Homemade pizza and shakshuka are on regular rotation. They are my favorite meals, because when my husband and I are kneading dough, or chopping herbs and feta, it’s as though our sons are here too. I’m surrounded by my men, cossetted and adored all over again.

The Recipes (Shakshuka and New York Pizza)

The first time I ate shakshuka was in my older son’s Brooklyn apartment. He moved around his compact kitchen with ease, chopping and tossing ingredients into the pan like a pro. Watching him do all the work was incredibly relaxing. It was the best breakfast I’d had in a long time. Later, he sent me the recipe, which came from the New York Times.

Younger son is a Peace Corps volunteer in Morocco, where all baking takes place over a gas flame inside a blue box. Oven temperature is gauged by eye. Pizza is not readily available there, and he often makes it when other Peace Corps volunteers arrive at his door. Recently, he sent us this recipe for New York Style pizza. The dough is best, he says, when it’s left to rise in the refrigerator for three days.

The Pizza King, photo courtesy of Kitty O'Riordan

The Pizza King, photo courtesy of Kitty O’Riordan

This post is part of a series on Food and Love over at Daily Plate of Crazy.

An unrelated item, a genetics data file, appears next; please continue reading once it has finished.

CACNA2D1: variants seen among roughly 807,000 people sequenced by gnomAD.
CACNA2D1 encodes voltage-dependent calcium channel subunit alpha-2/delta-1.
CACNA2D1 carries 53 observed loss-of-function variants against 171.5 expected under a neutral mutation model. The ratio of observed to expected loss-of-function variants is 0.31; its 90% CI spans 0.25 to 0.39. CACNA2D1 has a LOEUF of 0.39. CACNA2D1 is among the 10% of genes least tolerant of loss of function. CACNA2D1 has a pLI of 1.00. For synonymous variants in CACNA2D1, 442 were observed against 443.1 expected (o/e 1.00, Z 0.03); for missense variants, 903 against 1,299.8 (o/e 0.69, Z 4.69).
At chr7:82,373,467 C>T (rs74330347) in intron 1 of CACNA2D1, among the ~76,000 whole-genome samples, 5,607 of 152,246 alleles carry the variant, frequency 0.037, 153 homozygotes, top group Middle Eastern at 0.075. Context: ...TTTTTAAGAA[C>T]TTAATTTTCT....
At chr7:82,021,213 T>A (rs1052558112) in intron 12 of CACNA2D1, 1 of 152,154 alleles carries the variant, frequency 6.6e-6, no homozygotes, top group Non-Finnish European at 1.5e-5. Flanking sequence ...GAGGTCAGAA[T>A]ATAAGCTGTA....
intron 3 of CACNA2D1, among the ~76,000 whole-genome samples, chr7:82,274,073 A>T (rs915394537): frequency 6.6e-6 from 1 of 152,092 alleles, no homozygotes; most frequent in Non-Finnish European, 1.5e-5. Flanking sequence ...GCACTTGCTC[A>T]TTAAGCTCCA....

That Rose …


It was saucer-sized, its plush, velvety petals curled over the rim of a small vase. It had been plucked from the bush that morning. The color: mauve? brownish pink? The exact shade is hard to remember, let alone describe — a color I’d never seen before.

It was a lover’s rose, placed on our neighbor’s kitchen counter to welcome her home.

“Ivy,” she breathed.

“Ivy,” also known as Ivan Massar, was a photographer, neighbor, and a friend, beloved by all. He passed away over the weekend. He was 89.

I feel lucky to have known him, and regret not knowing him better.

He left many important and beautiful images behind. Please take a look.

Our California Dream


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Tomales Bay

Tomales Bay © Judith A. Ross

Yesterday, we returned from a week in Northern California. While real life continued all around us, we were wrapped in a drought-spun cocoon of warm, sunny weather as we traveled through a green, blue and often sere landscape populated by amazing creatures.

Birches ©Judith A. Ross

Birches ©Judith A. Ross

Camel Rock

Don’t know if this has a name, I call it “Camel Rock.” ©Judith A. Ross


California coastline ©Judith A. Ross


Cyprus trees ©Judith A. Ross

Knots ©Judith A. Ross

Knots ©Judith A. Ross